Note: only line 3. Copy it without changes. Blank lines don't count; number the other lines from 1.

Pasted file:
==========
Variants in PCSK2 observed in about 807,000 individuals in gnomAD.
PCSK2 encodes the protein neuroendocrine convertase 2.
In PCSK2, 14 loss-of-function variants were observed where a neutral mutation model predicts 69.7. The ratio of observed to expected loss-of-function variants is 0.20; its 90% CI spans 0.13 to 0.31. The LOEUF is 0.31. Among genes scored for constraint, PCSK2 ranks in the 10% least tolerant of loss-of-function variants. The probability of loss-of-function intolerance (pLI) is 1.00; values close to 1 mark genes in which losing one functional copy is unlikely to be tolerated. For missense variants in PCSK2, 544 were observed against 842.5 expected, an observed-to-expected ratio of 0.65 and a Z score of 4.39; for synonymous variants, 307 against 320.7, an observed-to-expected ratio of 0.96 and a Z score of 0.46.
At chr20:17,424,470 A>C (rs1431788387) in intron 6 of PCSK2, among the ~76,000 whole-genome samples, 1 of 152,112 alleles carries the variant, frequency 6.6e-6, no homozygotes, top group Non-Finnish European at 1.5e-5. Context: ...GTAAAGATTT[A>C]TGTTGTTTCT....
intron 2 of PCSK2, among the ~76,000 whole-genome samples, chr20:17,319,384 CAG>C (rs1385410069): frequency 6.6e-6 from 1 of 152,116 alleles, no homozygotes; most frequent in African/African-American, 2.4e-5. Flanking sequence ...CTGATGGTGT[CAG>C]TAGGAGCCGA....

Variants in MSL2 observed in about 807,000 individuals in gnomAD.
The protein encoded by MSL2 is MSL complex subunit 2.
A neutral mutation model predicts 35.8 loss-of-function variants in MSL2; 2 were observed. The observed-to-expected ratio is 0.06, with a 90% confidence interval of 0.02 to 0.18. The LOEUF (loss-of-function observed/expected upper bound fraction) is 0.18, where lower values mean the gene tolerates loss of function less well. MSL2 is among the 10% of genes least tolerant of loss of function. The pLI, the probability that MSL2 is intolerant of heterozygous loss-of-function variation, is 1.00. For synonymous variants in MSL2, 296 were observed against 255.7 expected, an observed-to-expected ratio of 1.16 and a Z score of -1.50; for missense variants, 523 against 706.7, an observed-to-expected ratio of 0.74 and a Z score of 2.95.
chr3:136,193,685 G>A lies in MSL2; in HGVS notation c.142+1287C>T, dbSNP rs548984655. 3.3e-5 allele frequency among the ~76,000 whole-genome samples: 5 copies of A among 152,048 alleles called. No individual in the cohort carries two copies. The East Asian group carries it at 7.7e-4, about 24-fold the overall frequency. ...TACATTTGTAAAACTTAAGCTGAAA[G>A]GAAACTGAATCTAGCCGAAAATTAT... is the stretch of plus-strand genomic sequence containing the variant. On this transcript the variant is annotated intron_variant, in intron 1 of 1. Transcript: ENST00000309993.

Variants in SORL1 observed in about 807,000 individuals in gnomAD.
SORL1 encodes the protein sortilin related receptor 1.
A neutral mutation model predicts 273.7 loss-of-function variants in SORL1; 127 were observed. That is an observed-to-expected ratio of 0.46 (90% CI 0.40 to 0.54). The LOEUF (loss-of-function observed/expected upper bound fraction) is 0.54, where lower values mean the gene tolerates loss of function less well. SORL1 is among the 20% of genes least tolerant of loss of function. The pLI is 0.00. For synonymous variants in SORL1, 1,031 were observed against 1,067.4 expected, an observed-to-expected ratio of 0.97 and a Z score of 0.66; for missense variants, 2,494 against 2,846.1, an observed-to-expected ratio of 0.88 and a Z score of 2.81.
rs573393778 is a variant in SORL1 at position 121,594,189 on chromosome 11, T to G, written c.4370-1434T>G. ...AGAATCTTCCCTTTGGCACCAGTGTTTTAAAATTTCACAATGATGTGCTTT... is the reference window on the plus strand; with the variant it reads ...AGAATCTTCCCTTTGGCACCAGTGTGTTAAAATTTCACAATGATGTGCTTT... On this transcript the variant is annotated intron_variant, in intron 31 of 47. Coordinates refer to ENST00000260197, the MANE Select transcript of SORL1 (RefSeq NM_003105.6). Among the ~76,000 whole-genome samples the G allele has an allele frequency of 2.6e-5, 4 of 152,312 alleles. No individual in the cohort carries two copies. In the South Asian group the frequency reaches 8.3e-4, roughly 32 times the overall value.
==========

In PCSK2, 14 loss-of-function variants were observed where a neutral mutation model predicts 69.7. The ratio of observed to expected loss-of-function variants is 0.20; its 90% CI spans 0.13 to 0.31. The LOEUF is 0.31. Among genes scored for constraint, PCSK2 ranks in the 10% least tolerant of loss-of-function variants. The probability of loss-of-function intolerance (pLI) is 1.00; values close to 1 mark genes in which losing one functional copy is unlikely to be tolerated. For missense variants in PCSK2, 544 were observed against 842.5 expected, an observed-to-expected ratio of 0.65 and a Z score of 4.39; for synonymous variants, 307 against 320.7, an observed-to-expected ratio of 0.96 and a Z score of 0.46.